Investors flee UK funds for cash with bond funds the worst hit
Record amounts have flowed out of UK funds this month with bond funds hit the hardest as investors flocked towards cash.
As the coronavirus crisis deepens and fears of a recession mount, UK funds have shed £4.4bn in the month to date, according to figures from global funds network Calastone.
This week there was a slight shift to optimism as £816m flowed into UK funds from Monday to Wednesday. However, this month will still see the worst outflows across the totality of UK funds.
Bond funds saw a record £3.5bn of redemptions as investors fled for cash.
“Bonds are traditionally seen as safe havens but investors are preferring the safety of cash and money market funds at the moment”, said AJ Bell’s head of active portfolios Ryan Hughes.
The stimulus packages from the Federal Reserve and the US government this week have calmed nerves somewhat. Outflows from bond funds are still large – £156m on Monday – but have slowed from last week, which saw £440m in outflows in just one day.
Edward Glyn, Calastone’s head of global markets, said: “Widening yield spreads for corporates and countries considered most at risk pushed bond prices down while a dollar liquidity squeeze meant money markets were unable to function normally for a time, leaving investors nowhere to go but to cash.”
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Flows into UK equities were the first to improve a week ago and are on a slow rise. In the past three days inflows reached £198m and have now seen net inflows in the month to date.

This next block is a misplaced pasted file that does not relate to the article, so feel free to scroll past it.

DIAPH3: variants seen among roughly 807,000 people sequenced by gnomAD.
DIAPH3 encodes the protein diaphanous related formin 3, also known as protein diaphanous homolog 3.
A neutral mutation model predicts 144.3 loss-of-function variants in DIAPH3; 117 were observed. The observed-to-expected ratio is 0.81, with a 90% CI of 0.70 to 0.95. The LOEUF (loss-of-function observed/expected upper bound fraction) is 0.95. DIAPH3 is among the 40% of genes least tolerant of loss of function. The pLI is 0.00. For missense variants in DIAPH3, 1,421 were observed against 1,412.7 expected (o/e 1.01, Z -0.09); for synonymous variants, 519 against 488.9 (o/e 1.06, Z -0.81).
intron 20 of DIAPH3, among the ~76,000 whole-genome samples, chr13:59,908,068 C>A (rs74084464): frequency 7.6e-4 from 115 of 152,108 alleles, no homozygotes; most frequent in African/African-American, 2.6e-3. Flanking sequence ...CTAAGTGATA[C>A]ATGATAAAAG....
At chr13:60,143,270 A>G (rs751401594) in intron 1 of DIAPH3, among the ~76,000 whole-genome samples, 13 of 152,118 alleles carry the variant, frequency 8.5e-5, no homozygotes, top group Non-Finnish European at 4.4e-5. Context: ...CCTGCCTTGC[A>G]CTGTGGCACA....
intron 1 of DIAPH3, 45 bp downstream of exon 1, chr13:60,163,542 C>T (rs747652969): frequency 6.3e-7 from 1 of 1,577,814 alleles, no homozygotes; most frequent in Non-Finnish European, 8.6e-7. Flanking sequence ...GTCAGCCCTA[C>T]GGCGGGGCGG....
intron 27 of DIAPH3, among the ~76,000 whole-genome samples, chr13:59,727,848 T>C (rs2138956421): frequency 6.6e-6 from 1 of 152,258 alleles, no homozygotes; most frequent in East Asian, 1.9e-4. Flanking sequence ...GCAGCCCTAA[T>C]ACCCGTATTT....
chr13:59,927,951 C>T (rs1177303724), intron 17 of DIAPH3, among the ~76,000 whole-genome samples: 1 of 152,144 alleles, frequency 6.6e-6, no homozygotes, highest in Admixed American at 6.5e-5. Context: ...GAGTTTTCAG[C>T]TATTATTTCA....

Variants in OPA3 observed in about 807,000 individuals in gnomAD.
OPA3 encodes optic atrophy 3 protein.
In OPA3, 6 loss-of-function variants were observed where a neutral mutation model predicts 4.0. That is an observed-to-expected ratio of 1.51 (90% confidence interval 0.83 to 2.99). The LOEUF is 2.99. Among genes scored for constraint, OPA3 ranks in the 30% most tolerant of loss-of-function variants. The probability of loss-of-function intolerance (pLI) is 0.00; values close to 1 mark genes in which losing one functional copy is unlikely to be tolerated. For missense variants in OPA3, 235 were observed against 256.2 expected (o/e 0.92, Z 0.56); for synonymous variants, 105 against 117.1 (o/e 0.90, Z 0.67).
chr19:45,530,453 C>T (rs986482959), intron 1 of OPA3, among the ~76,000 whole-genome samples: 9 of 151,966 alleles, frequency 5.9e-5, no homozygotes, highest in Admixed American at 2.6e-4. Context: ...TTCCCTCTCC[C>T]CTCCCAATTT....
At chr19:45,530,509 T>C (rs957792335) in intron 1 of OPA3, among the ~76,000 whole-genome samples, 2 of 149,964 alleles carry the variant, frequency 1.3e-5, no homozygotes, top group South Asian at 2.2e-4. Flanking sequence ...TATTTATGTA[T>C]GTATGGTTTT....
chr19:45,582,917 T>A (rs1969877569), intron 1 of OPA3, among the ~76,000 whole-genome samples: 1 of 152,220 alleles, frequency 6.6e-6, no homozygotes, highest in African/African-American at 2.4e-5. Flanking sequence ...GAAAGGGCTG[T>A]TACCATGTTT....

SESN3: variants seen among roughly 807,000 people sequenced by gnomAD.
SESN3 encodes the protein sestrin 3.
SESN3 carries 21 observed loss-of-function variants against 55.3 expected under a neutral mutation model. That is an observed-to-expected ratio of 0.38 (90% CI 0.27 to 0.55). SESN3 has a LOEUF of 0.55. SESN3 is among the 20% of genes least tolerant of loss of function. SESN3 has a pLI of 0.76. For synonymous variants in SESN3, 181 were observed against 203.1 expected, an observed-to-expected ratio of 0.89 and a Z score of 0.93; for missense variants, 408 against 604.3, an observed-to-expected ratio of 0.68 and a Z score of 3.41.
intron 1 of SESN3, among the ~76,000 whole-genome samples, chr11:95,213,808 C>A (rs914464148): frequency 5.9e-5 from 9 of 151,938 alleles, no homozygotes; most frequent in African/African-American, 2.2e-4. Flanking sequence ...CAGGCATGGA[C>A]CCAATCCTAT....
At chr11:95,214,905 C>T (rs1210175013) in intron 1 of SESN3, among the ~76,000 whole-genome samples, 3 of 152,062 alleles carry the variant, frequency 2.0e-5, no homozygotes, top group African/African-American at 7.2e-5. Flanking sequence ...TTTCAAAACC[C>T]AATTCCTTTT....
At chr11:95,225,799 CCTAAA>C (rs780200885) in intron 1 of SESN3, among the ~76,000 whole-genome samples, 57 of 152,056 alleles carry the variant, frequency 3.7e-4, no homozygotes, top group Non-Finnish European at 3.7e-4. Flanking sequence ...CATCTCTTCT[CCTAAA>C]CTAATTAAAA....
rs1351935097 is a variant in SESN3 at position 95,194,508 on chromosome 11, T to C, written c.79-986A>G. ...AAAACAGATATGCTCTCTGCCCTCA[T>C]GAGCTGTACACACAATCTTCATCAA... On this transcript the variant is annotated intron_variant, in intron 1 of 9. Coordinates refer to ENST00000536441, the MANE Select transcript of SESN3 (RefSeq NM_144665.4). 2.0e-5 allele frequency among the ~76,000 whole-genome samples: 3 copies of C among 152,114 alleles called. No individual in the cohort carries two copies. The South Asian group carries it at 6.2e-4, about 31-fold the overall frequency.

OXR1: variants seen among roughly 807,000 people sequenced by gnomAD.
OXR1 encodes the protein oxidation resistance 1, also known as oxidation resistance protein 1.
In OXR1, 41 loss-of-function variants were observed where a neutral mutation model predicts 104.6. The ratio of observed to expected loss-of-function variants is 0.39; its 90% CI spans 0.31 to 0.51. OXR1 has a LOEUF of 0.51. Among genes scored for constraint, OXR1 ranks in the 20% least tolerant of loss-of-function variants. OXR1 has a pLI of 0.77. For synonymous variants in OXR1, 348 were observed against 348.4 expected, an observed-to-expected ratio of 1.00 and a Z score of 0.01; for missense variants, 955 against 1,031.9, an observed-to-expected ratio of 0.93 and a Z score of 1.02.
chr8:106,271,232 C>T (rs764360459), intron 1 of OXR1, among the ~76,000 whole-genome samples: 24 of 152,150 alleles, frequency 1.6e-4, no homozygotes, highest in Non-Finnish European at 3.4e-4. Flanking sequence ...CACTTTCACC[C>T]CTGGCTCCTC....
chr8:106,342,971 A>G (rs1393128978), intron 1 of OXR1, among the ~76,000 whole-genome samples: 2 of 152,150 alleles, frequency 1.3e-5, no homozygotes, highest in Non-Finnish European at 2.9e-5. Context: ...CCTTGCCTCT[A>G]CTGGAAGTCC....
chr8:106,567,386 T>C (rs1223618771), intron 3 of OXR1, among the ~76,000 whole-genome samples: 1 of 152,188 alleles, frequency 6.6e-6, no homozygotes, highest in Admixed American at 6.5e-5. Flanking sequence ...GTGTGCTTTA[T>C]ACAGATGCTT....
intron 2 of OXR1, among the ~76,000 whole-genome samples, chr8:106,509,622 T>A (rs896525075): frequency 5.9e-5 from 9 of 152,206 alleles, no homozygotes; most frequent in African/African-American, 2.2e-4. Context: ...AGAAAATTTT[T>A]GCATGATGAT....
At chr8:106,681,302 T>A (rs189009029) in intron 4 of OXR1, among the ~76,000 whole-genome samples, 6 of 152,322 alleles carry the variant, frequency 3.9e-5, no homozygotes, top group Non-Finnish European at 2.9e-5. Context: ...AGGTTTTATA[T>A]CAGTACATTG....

Glyn said: “This reflects the exceptionally low valuation of UK assets relative to other markets as well as a level of home-market bias.”
Outflows from global funds have also slowed since last month, with a small inflow of £6.7m on Wednesday.
Active funds have born the brunt of the coronavirus outbreak with £1.9bn in redemptions. Passive funds have fared comparatively well, seeing more than £1bn inflows this month.
Hughes said: “There is a sense people are becoming more relaxed and central banks launching quantitative easing programmes has given investors confidence.”
Real estate funds shed £115m in March before they were gated after independent valuers introduced material valuation uncertainty clauses.
L&G, Columbia Threadneedle and Janus Henderson were among the investment firms who were forced to suspend their property funds.
Glyn said: “Despite the greater sense of calm, it’s unlikely we are out of the woods. The crisis has a long way to run and we will also get more and better information. Undoubtedly that means more convulsions to come.”
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